The opinion of the court was delivered by: HURLEY
Presently pending before the Court in the above-captioned case are the motion of Plaintiffs for summary judgment and the cross-motion of Defendants for summary judgment. As set forth more fully below, Plaintiffs' motion is granted, and Defendants' motion is denied. Defendants are permanently enjoined from enforcing the Ordinance at issue.
Plaintiffs, the Nassau Bowling Proprietors Association and the owners of numerous bowling centers located in Nassau County, challenge the legality of Article VIII of the Nassau County Public Health Ordinance, Regulation of Smoking, promulgated by Defendant Nassau County Board of Health (the "Board"). The Ordinance prohibits, inter alia, smoking in bowling centers except in designated enclosed and separately ventilated areas. It also allows the Commissioner of Health, or a person designated by the Commissioner, to grant a waiver of the no-smoking provision under certain circumstances.
The Board first passed a no-smoking ordinance in 1987; that ordinance was substantially amended on January 22, 1996 (the "January Ordinance"), prompting the present litigation. The Court was first called upon to address the sufficiency of the revised enactment on June 27, 1996, at which time oral arguments were heard from Plaintiffs and Defendants on Plaintiffs' application for a temporary restraining order to prevent implementation of the January Ordinance. Thereafter, Defendants agreed to stay the effective date of the January Ordinance pending a hearing on the application for a preliminary injunction. That hearing was not held, however, because the Board repealed the January Ordinance and enacted in its stead, on July 16, 1996, an ordinance (the "July Ordinance") which, for present purposes, is virtually identical to its predecessor. By action taken on September 17, 1996, the Board suspended the effective date of the July Ordinance until such time as this Court renders a decision on the pending motions for summary judgment.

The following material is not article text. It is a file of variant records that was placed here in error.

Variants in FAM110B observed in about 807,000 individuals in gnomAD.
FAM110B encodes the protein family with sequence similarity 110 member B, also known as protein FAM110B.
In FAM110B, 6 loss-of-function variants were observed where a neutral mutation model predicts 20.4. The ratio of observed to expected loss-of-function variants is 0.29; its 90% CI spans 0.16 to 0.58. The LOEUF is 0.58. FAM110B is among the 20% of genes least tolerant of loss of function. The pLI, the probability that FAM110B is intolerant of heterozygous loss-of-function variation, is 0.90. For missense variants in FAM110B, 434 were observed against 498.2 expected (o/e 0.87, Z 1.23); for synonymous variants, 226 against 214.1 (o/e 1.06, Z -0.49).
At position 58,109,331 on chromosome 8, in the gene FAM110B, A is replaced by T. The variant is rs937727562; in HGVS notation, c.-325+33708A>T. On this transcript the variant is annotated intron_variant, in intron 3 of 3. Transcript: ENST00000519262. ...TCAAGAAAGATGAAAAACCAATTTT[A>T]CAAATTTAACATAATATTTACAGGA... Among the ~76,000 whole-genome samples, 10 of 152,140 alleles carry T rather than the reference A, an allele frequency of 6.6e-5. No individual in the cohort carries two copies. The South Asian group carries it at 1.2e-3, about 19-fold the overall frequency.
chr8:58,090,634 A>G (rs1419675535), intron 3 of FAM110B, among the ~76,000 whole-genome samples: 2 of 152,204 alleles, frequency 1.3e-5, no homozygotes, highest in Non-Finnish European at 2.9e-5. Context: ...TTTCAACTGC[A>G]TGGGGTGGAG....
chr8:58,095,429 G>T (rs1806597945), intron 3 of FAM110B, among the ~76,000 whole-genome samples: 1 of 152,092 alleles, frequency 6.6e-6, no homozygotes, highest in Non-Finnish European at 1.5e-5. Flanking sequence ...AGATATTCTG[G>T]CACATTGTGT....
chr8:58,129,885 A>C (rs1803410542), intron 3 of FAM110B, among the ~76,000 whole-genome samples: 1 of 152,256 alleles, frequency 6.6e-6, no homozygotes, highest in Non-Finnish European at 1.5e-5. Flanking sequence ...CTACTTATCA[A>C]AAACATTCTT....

It is the current ordinance, i.e., the July Ordinance (the "Ordinance"), which is the subject of this decision. However, since the January Ordinance and the July Ordinance share a common administrative history, events preceding the January enactment require discussion.
The Board, as explained by its Chair, took action in 1996 because:
Since our last ordinance was adopted there has been additional information developed on the effects of second hand smoke and so the Board of Health felt it was time to review the situation again, especially since our neighbors to the West, New York City, and to the East, Suffolk, have revised their ordinances as well.
(Novikoff Aff., Ex. M at 4.)
The Preamble to the Ordinance identifies that concern, i.e. about second-hand smoke, as the purpose underlying the enactment. (Ordinance, §§ 1 and 2.)
In pursuing its goal, the Board acted independent of any specific legislation or, indeed, guidelines or input from the Nassau County Legislature, which body apparently has not addressed the issue. Rather, the Board acted under general authority delegated to it under state law (see N.Y. Pub. Health Law § 347(McKinney 1990)), and under the Nassau County Charter (Article IX, §§ 902 and 903, establishing the Board of Health) and related Administrative Code provisions (Chapter IX, Title C, § 9-20.0, empowering the Board to enact rules and regulations protecting the health of County residents).
The question before the Court, however, is not whether the Board has the authority to regulate smoking in public places based on considerations of health, but whether in passing this Ordinance -- with significant exceptions based on non-health related concerns -- it exceeded its administrative powers.
On May 16, 1997, the Court heard oral argument on the instant summary ...